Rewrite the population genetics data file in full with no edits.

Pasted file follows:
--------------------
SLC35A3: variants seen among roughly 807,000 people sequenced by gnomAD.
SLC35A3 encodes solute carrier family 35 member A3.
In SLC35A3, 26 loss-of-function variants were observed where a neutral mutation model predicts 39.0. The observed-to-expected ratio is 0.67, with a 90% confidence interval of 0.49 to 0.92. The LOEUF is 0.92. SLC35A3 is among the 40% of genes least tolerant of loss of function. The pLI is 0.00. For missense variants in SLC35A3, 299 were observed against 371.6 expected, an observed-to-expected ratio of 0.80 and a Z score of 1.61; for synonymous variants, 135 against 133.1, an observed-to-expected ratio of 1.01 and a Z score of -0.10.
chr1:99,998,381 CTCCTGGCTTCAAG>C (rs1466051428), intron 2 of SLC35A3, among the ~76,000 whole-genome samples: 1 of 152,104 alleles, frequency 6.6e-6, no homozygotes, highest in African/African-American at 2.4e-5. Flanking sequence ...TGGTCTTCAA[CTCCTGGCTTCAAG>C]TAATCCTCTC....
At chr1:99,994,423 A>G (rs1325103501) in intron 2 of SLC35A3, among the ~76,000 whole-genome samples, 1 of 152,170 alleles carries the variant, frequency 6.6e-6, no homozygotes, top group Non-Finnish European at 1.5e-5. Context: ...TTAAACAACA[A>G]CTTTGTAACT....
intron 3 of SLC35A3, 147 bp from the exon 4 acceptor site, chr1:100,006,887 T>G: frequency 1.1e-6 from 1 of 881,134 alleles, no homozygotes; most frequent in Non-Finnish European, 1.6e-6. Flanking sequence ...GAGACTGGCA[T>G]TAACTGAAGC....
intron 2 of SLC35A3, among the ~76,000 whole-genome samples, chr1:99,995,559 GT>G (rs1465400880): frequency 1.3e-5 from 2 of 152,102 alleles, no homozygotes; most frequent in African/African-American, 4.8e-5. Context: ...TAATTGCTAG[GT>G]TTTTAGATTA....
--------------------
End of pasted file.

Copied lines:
SLC35A3: variants seen among roughly 807,000 people sequenced by gnomAD.
SLC35A3 encodes solute carrier family 35 member A3.
In SLC35A3, 26 loss-of-function variants were observed where a neutral mutation model predicts 39.0. The observed-to-expected ratio is 0.67, with a 90% confidence interval of 0.49 to 0.92. The LOEUF is 0.92. SLC35A3 is among the 40% of genes least tolerant of loss of function. The pLI is 0.00. For missense variants in SLC35A3, 299 were observed against 371.6 expected, an observed-to-expected ratio of 0.80 and a Z score of 1.61; for synonymous variants, 135 against 133.1, an observed-to-expected ratio of 1.01 and a Z score of -0.10.
chr1:99,998,381 CTCCTGGCTTCAAG>C (rs1466051428), intron 2 of SLC35A3, among the ~76,000 whole-genome samples: 1 of 152,104 alleles, frequency 6.6e-6, no homozygotes, highest in African/African-American at 2.4e-5. Flanking sequence ...TGGTCTTCAA[CTCCTGGCTTCAAG>C]TAATCCTCTC....
At chr1:99,994,423 A>G (rs1325103501) in intron 2 of SLC35A3, among the ~76,000 whole-genome samples, 1 of 152,170 alleles carries the variant, frequency 6.6e-6, no homozygotes, top group Non-Finnish European at 1.5e-5. Context: ...TTAAACAACA[A>G]CTTTGTAACT....
intron 3 of SLC35A3, 147 bp from the exon 4 acceptor site, chr1:100,006,887 T>G: frequency 1.1e-6 from 1 of 881,134 alleles, no homozygotes; most frequent in Non-Finnish European, 1.6e-6. Flanking sequence ...GAGACTGGCA[T>G]TAACTGAAGC....
intron 2 of SLC35A3, among the ~76,000 whole-genome samples, chr1:99,995,559 GT>G (rs1465400880): frequency 1.3e-5 from 2 of 152,102 alleles, no homozygotes; most frequent in African/African-American, 4.8e-5. Context: ...TAATTGCTAG[GT>G]TTTTAGATTA....